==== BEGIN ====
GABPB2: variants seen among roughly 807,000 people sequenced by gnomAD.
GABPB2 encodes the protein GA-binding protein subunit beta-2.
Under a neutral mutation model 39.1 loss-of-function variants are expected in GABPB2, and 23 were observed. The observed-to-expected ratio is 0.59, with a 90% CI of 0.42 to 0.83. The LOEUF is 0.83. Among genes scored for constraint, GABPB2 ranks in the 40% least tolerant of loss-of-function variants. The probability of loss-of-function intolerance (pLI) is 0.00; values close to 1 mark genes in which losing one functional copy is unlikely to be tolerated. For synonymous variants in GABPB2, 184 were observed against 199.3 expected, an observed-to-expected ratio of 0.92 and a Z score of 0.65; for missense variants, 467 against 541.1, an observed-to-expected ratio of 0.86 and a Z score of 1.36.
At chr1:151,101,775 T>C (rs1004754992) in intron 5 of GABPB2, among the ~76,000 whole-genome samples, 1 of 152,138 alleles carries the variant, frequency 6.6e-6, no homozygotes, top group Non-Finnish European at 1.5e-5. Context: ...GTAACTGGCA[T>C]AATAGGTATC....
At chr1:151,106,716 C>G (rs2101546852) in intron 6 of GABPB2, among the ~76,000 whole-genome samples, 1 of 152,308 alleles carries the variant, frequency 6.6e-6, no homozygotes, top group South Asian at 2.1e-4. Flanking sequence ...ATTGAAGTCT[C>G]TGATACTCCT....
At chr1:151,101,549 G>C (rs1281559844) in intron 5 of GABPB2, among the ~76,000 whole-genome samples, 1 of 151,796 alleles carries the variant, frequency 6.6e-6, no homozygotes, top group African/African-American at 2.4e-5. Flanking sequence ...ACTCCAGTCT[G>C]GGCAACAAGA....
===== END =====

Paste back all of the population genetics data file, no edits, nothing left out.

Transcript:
GABPB2: variants seen among roughly 807,000 people sequenced by gnomAD.
GABPB2 encodes the protein GA-binding protein subunit beta-2.
Under a neutral mutation model 39.1 loss-of-function variants are expected in GABPB2, and 23 were observed. The observed-to-expected ratio is 0.59, with a 90% CI of 0.42 to 0.83. The LOEUF is 0.83. Among genes scored for constraint, GABPB2 ranks in the 40% least tolerant of loss-of-function variants. The probability of loss-of-function intolerance (pLI) is 0.00; values close to 1 mark genes in which losing one functional copy is unlikely to be tolerated. For synonymous variants in GABPB2, 184 were observed against 199.3 expected, an observed-to-expected ratio of 0.92 and a Z score of 0.65; for missense variants, 467 against 541.1, an observed-to-expected ratio of 0.86 and a Z score of 1.36.
At chr1:151,101,775 T>C (rs1004754992) in intron 5 of GABPB2, among the ~76,000 whole-genome samples, 1 of 152,138 alleles carries the variant, frequency 6.6e-6, no homozygotes, top group Non-Finnish European at 1.5e-5. Context: ...GTAACTGGCA[T>C]AATAGGTATC....
At chr1:151,106,716 C>G (rs2101546852) in intron 6 of GABPB2, among the ~76,000 whole-genome samples, 1 of 152,308 alleles carries the variant, frequency 6.6e-6, no homozygotes, top group South Asian at 2.1e-4. Flanking sequence ...ATTGAAGTCT[C>G]TGATACTCCT....
At chr1:151,101,549 G>C (rs1281559844) in intron 5 of GABPB2, among the ~76,000 whole-genome samples, 1 of 151,796 alleles carries the variant, frequency 6.6e-6, no homozygotes, top group African/African-American at 2.4e-5. Flanking sequence ...ACTCCAGTCT[G>C]GGCAACAAGA....